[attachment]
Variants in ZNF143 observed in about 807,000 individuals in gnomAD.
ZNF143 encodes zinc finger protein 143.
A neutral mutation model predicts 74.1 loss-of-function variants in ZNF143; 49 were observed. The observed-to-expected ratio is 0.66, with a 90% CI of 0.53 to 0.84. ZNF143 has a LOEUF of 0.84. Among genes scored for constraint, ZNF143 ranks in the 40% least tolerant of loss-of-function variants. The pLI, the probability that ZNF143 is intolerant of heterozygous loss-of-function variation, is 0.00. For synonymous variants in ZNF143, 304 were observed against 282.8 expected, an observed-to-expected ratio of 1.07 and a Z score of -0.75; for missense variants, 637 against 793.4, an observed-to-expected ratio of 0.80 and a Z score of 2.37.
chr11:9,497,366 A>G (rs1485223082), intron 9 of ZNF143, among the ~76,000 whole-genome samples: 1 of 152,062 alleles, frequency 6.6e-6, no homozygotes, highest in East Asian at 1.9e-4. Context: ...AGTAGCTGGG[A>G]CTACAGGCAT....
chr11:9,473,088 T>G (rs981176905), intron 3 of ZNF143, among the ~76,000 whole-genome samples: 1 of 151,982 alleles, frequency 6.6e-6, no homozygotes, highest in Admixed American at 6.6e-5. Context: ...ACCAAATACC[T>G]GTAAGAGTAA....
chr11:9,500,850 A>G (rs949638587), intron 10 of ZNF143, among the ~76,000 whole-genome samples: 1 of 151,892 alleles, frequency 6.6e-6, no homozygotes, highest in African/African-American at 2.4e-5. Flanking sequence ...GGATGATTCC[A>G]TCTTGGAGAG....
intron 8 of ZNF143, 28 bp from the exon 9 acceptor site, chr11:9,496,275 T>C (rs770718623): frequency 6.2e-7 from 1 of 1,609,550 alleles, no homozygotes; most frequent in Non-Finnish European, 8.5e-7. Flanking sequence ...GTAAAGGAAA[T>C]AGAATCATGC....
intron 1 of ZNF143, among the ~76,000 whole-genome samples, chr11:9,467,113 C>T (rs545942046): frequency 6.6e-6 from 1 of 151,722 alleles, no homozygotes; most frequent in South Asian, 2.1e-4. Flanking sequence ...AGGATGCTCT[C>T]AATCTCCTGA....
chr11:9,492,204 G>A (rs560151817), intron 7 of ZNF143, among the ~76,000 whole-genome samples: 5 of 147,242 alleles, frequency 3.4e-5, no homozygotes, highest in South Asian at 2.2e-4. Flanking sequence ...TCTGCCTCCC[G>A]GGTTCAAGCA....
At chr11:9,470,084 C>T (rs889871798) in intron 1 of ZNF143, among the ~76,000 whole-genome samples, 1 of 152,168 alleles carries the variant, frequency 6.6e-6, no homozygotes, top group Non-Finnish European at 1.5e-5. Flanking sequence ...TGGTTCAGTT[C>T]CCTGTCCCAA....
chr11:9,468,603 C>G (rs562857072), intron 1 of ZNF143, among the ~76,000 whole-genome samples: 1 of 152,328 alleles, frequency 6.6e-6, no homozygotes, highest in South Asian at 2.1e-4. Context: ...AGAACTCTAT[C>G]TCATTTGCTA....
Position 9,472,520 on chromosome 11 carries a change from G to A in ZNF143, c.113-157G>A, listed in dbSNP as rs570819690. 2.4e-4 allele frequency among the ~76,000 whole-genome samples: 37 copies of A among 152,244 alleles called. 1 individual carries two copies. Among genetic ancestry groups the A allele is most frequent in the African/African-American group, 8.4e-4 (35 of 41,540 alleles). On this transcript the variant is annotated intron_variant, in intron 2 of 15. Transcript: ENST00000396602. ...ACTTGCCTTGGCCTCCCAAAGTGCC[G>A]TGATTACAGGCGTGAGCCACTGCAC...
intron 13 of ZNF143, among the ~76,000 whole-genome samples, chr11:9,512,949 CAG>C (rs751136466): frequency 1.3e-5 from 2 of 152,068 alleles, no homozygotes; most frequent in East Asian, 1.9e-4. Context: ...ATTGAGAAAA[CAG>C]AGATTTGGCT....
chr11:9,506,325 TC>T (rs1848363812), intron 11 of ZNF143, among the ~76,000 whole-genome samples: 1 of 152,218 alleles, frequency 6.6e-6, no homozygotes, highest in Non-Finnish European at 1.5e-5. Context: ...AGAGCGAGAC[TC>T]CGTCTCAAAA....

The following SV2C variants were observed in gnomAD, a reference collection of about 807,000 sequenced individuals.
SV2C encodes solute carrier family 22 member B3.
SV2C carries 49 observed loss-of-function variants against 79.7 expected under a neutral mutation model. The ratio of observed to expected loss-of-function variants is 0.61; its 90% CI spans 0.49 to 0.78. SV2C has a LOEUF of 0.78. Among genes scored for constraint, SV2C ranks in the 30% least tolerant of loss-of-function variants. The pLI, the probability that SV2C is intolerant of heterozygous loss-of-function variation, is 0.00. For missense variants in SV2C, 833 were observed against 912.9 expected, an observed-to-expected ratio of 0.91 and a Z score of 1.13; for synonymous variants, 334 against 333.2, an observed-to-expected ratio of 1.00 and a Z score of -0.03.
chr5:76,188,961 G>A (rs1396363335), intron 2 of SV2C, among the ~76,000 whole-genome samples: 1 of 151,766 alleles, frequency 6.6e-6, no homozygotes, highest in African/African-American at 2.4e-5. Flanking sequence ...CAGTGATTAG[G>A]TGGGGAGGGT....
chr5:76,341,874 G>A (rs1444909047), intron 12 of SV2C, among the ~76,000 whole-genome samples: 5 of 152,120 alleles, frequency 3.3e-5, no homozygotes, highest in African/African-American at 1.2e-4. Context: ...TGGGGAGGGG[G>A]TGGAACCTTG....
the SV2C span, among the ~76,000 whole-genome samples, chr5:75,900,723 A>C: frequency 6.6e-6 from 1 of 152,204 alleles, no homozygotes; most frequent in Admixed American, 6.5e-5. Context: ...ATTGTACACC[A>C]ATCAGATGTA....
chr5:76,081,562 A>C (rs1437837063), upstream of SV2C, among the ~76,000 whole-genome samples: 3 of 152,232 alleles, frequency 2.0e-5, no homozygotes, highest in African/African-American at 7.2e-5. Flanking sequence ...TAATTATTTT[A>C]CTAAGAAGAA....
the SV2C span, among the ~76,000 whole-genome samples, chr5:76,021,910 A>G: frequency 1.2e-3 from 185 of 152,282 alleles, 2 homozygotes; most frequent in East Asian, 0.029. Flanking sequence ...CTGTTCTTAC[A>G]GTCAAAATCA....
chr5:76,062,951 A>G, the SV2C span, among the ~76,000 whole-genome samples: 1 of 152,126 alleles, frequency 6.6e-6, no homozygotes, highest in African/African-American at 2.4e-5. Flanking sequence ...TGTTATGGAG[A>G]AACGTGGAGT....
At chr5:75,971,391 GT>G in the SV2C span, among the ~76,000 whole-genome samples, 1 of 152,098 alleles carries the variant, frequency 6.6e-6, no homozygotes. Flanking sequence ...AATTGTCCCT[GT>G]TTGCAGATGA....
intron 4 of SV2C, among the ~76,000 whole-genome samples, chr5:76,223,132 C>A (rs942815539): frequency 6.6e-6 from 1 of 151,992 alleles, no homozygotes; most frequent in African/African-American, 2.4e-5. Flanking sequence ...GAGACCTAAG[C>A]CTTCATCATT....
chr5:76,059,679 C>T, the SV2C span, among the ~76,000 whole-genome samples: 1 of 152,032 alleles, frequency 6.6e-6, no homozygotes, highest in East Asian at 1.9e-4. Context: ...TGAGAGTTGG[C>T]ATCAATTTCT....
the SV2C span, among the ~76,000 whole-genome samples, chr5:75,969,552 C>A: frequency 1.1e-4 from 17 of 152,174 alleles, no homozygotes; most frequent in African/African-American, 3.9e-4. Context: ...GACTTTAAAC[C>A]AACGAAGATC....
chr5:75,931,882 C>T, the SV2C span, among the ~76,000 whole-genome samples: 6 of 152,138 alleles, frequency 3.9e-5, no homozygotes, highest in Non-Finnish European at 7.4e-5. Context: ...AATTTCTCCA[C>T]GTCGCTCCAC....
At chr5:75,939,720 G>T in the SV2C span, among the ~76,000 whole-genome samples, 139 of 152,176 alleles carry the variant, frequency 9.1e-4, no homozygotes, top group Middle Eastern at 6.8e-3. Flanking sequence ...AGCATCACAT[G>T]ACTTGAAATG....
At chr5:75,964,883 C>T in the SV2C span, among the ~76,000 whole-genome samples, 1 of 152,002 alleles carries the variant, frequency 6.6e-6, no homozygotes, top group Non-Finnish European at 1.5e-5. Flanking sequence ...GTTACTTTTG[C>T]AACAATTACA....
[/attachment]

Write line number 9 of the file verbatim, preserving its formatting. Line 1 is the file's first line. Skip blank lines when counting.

chr11:9,492,204 G>A (rs560151817), intron 7 of ZNF143, among the ~76,000 whole-genome samples: 5 of 147,242 alleles, frequency 3.4e-5, no homozygotes, highest in South Asian at 2.2e-4. Flanking sequence ...TCTGCCTCCC[G>A]GGTTCAAGCA....